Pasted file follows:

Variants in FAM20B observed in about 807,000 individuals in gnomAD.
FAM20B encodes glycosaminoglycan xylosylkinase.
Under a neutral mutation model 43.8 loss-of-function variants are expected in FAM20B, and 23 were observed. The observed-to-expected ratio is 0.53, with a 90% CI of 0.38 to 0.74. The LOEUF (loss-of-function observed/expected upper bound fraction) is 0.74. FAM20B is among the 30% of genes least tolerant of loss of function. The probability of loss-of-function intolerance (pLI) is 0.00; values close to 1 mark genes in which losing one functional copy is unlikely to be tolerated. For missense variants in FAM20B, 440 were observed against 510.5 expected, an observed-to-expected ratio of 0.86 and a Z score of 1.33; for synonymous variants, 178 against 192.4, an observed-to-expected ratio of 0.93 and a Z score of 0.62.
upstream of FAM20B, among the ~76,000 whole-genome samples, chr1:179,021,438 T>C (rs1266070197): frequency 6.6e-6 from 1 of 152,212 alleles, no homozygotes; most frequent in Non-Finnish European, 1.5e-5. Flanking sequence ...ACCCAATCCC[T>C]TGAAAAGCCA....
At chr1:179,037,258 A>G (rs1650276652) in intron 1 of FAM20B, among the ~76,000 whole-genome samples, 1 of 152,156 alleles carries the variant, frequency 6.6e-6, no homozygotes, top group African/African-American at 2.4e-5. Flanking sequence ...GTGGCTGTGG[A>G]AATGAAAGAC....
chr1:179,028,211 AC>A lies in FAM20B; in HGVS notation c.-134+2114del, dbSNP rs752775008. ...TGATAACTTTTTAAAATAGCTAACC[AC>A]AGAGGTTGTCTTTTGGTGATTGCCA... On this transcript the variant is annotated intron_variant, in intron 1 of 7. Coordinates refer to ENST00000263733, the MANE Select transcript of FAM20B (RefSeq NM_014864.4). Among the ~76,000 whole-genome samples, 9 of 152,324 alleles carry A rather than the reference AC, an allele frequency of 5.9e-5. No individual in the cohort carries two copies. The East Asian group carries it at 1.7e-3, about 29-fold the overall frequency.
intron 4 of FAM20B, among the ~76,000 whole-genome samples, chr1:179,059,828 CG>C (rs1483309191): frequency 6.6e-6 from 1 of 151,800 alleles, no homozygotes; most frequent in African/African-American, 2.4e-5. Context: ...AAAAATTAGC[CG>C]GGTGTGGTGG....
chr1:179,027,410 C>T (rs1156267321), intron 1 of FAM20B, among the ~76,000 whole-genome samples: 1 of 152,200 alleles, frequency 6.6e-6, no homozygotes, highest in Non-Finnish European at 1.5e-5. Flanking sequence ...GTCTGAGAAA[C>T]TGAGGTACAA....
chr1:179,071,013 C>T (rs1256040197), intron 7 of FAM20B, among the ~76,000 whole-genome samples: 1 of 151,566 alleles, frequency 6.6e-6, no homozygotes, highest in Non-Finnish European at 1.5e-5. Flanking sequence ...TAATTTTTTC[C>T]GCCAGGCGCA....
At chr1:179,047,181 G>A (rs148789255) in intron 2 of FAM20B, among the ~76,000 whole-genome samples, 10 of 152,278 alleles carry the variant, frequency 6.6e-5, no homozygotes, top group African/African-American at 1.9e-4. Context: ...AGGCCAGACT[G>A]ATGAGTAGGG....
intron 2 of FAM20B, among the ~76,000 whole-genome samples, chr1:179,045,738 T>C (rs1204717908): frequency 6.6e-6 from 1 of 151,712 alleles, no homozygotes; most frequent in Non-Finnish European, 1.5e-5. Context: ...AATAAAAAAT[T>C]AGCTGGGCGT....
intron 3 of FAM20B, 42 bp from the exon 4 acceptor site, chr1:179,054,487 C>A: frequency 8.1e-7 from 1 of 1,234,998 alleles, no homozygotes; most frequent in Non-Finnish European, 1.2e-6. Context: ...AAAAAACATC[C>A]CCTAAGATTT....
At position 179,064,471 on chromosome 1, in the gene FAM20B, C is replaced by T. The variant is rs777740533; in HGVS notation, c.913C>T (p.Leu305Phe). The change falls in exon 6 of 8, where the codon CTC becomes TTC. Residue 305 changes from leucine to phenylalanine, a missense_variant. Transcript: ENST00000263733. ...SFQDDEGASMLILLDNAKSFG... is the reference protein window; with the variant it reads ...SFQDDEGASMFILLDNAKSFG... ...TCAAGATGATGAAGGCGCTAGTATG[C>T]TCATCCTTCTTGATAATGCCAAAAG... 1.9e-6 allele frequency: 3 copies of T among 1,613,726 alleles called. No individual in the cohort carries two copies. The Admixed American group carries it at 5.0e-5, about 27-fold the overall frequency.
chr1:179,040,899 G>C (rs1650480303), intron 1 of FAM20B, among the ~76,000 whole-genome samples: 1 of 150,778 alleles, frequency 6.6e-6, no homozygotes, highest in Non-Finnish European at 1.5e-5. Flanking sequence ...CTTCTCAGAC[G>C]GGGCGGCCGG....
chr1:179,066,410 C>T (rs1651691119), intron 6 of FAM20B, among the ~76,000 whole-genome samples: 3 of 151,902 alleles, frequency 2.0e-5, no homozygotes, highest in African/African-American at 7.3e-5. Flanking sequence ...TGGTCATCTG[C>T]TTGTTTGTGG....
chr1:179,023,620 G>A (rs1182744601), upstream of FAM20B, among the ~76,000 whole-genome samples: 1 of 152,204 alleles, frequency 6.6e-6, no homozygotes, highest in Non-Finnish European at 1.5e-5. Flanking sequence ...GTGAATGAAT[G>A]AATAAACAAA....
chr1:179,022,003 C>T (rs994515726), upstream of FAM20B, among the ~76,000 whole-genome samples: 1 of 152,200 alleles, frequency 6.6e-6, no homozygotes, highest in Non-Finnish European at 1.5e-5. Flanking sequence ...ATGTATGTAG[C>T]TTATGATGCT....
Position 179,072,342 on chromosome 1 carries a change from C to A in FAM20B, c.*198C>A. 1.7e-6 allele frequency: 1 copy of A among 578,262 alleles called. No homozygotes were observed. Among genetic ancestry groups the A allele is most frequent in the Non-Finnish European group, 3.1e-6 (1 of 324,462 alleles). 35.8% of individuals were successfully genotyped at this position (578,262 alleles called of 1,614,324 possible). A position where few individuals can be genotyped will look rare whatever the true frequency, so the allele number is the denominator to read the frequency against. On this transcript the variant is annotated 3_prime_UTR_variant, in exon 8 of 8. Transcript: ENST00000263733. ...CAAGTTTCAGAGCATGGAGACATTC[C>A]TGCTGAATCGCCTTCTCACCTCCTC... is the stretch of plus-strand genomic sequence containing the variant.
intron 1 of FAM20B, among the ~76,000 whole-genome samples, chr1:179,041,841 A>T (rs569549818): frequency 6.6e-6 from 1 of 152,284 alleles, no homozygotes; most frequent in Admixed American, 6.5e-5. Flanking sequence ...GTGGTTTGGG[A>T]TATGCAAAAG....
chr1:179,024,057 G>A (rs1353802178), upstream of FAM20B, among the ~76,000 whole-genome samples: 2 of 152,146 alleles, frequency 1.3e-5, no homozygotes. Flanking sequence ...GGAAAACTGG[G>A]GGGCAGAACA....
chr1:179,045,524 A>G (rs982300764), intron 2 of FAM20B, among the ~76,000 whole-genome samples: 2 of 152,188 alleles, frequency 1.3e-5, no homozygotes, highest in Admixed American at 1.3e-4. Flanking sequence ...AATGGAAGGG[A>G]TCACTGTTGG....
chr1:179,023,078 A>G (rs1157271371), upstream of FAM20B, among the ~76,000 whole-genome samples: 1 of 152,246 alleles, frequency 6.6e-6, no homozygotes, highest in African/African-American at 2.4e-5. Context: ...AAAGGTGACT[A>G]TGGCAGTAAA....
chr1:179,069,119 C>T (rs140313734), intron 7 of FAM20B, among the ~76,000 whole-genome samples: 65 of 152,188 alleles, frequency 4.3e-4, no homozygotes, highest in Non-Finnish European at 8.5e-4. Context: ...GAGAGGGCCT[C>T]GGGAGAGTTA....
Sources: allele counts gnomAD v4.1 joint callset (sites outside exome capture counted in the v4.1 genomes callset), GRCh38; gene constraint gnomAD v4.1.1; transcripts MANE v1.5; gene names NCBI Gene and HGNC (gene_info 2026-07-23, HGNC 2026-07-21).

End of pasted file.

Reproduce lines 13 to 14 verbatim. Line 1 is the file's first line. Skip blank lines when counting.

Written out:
At position 179,064,471 on chromosome 1, in the gene FAM20B, C is replaced by T. The variant is rs777740533; in HGVS notation, c.913C>T (p.Leu305Phe). The change falls in exon 6 of 8, where the codon CTC becomes TTC. Residue 305 changes from leucine to phenylalanine, a missense_variant. Transcript: ENST00000263733. ...SFQDDEGASMLILLDNAKSFG... is the reference protein window; with the variant it reads ...SFQDDEGASMFILLDNAKSFG... ...TCAAGATGATGAAGGCGCTAGTATG[C>T]TCATCCTTCTTGATAATGCCAAAAG... 1.9e-6 allele frequency: 3 copies of T among 1,613,726 alleles called. No individual in the cohort carries two copies. The Admixed American group carries it at 5.0e-5, about 27-fold the overall frequency.
chr1:179,040,899 G>C (rs1650480303), intron 1 of FAM20B, among the ~76,000 whole-genome samples: 1 of 150,778 alleles, frequency 6.6e-6, no homozygotes, highest in Non-Finnish European at 1.5e-5. Flanking sequence ...CTTCTCAGAC[G>C]GGGCGGCCGG....